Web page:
Night 5 of The Rock and Roll Highway | Albuquerque | Covington Rock

It was already afternoon by the time I woke, the night had been a gloriously late one with The Dirty Creek Bandits and Tyrannosaurus Chicken peeps and I didn’t make any plans for the next city after their show.  It was a Sunday, so I figured it would be my off day/night.  Have a leisurely drive and stop wherever I felt like it.
As I lay their chilling in the hotel bed (I splurged and got a room), I had an itching in my fingers and I pulled the technology closer….  I keyed up the map and saw that Albuquerque  was a little over 4 hours away.  Hmmm.  Albuquerque.  Hmmm.  I had a great time in that town on the 98′ cross country tour, very hospitable town (thank you Lee Francis).  I typed “Albuquerque live music” into the search bar, expecting nothing,  yet the first thing that popped up was Cactus Tractor at the Skarsgard Farm Folk Circus Festival!  All those words sounded amazing and awesome.  I used the Facebook search option and soon was grooving to a few beautiful tunes rich with a vibrant clarity.  How could I not experience this?  I found Cactus Trucker’s email address and sent them a message and hopped out of bed to pack.  By the time, I had thrown all my things in a bag, I had an email from the band telling me to drop on by the circus and I jumped in the car and pointed Elvira west.
Bye Texas!                                                                Hello New Mexico!
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The evening skies in New Mexico are a site to see.  It is epic in the vastness of beauty.  Land and sky going on and on, forever, and I lucked out with a sunset sky full of big white puffy clouds.  Love this part of the world.  I could easily get lost in creating landscape images like Phil Hawkins (well, not like Phil, he is incredible…but to dream to make images like Phil…..) but I was on a mission, a musical mission and so I snapped with my phone and let my camera relax till showtime.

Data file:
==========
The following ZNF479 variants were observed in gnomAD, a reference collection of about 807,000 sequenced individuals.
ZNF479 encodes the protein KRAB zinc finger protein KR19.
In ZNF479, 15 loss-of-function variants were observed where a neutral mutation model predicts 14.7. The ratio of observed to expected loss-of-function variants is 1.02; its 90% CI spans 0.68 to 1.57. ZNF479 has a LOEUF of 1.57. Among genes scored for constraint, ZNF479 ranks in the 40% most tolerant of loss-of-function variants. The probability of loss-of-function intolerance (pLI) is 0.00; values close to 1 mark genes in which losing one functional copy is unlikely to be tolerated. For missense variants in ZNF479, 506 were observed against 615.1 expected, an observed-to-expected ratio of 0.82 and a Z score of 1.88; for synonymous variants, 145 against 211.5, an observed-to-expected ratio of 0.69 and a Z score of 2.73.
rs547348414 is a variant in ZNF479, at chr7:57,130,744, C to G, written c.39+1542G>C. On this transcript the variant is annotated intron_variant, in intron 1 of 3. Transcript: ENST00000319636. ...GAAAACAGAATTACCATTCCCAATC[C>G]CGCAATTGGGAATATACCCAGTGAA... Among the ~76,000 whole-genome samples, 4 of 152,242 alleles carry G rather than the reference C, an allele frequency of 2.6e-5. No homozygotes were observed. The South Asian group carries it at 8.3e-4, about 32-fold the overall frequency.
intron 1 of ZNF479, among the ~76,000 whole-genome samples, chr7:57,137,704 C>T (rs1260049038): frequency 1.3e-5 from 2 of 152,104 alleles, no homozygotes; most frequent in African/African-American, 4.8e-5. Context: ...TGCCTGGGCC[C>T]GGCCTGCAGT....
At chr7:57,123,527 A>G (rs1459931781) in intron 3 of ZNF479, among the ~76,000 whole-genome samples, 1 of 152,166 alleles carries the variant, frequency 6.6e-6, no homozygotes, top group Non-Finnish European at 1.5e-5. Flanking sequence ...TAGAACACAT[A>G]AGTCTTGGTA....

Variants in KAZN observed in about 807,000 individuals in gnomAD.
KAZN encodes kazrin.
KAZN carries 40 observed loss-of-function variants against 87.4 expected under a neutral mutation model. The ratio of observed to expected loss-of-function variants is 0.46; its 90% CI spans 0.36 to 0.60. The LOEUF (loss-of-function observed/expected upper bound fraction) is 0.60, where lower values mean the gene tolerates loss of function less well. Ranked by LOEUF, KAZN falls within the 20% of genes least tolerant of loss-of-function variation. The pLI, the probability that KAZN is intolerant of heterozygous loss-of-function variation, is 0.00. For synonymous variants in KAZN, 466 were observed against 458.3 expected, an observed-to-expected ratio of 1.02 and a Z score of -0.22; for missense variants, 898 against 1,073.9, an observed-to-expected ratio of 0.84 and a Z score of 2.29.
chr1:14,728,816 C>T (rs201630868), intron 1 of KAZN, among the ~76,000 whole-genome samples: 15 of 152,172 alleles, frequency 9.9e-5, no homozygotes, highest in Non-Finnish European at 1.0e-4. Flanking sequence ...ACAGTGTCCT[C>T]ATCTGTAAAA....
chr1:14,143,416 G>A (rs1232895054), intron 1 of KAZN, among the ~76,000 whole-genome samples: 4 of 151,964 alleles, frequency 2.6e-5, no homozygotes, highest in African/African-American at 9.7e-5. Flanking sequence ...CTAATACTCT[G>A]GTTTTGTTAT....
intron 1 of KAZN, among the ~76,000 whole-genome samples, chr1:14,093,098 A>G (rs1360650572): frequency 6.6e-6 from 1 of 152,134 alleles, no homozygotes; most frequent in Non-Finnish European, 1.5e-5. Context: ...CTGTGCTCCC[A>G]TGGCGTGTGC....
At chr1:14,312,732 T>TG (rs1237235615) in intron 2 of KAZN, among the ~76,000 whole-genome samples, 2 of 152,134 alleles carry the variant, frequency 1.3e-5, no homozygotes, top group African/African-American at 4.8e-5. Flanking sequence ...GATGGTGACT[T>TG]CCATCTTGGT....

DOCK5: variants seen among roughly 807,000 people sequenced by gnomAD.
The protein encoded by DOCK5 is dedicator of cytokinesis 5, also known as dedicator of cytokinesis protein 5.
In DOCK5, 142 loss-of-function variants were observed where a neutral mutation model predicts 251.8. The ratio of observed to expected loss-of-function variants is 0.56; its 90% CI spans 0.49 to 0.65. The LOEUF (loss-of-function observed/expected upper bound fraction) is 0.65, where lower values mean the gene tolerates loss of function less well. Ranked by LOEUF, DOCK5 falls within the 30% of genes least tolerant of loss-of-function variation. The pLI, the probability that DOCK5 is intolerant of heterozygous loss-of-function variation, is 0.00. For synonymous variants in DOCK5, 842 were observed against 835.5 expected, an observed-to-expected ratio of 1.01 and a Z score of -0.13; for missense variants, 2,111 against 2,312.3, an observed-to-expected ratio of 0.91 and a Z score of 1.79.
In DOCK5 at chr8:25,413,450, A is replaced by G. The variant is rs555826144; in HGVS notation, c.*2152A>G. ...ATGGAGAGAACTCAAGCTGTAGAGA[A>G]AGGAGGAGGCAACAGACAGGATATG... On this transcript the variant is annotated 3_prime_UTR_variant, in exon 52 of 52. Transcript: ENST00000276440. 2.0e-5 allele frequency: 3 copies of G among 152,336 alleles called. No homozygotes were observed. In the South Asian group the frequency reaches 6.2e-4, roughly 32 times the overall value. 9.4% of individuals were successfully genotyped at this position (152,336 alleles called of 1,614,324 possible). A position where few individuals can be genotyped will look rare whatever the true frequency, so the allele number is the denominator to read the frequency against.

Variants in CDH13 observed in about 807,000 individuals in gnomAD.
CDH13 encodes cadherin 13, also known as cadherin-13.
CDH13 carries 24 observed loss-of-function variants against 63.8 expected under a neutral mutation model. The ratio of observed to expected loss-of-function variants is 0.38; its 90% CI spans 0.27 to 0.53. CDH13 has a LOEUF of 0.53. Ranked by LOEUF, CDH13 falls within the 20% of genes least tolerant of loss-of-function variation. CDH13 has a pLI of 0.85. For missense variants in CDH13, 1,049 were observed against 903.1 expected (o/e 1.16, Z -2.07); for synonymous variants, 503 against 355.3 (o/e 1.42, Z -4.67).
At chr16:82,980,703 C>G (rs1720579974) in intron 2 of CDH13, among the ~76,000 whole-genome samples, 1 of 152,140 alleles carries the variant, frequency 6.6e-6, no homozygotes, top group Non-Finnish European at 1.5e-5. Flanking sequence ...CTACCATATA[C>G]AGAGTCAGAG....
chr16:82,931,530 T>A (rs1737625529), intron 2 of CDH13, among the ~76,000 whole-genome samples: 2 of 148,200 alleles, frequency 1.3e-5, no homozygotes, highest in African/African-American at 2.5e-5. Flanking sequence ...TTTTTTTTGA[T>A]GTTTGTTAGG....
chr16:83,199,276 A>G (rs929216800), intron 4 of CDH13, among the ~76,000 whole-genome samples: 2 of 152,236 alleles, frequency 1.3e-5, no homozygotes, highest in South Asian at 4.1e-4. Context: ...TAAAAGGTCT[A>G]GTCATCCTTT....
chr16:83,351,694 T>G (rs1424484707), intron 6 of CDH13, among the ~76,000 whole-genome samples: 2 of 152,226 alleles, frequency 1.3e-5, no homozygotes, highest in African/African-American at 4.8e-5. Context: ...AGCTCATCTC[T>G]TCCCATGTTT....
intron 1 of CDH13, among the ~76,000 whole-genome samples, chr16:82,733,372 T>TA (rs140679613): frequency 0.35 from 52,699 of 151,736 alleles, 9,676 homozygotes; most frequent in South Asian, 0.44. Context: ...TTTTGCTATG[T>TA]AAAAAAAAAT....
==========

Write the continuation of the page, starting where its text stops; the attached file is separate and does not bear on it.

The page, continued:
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When I arrived, I met up with Meredith Wilder of the band Wildewood (they had played earlier in the day) and she was coordinating the event with Skarsgard Farms.  She gave me a lay of the land, I had found myself in the middle of a desert circus and it was gorgeous.  Jugglers, aerialists, musicians and revelers were everywhere.  I had definitely found the right spot to be on this night of The Rock and Roll Highway!

The band that attracted my music photography loving self to the event was Cactus Tractor and from the images on their site (great band photography) and the clips that I heard, I knew I was in for some great music.  It was a treat reading their description on their Facebook page.

Cactus Tractor is a seven-person Bohemian Pop Folk Disco (beau-pop-faux-disc) band based in Albuquerque, New Mexico, with four songwriters, toothsome harmonies, and a multitude of fun stringed and unstrung instruments. These include, but are not limited to, the hula horn (invented by Christy), the musical saw (which is dangerous), the violin (which is also dangerous if you’re standing just to the left), the accordion (which is heavy), the charango (which attracts a lot of attention despite its small stature—much like its player, Stef!), buckets-and-buckets-full of harmonicas (which often fall on the ground and cause great consternation), frogs (which croak when struck with a stick—try it out!), and tea towels (which, laid artfully over a snare drum, make for a proper English quiet-funky kit sound). “

As the Albuquerque Aeraelist Collective flew over head Cactus Tractor gave a rocking, folky, bluesy, fabulous show with some of the most beautiful harmonies I have ever heard.  They all played like a bajillion instruments as well (as listed out in their description above) and wow, those voices, they played their voices.  They weren’t up there merely singing, they were adding layers upon layers upon layers to the music with their song.  Their voices were all as finely tuned as the instruments they strummed, beat and blew.  I want to lay outside in a big grassy field, or more aptly on a blanket with the wide world all around and lay there and just listen and listen to them.  They somehow capture the sound of this part of the world, the music is as vast and encompassing as the land stretching out for miles and has a warmth and beauty to it like the setting sun while also being so clear and pure and simply beautiful as a Prickly Pear bloom.   I am enamored.

 

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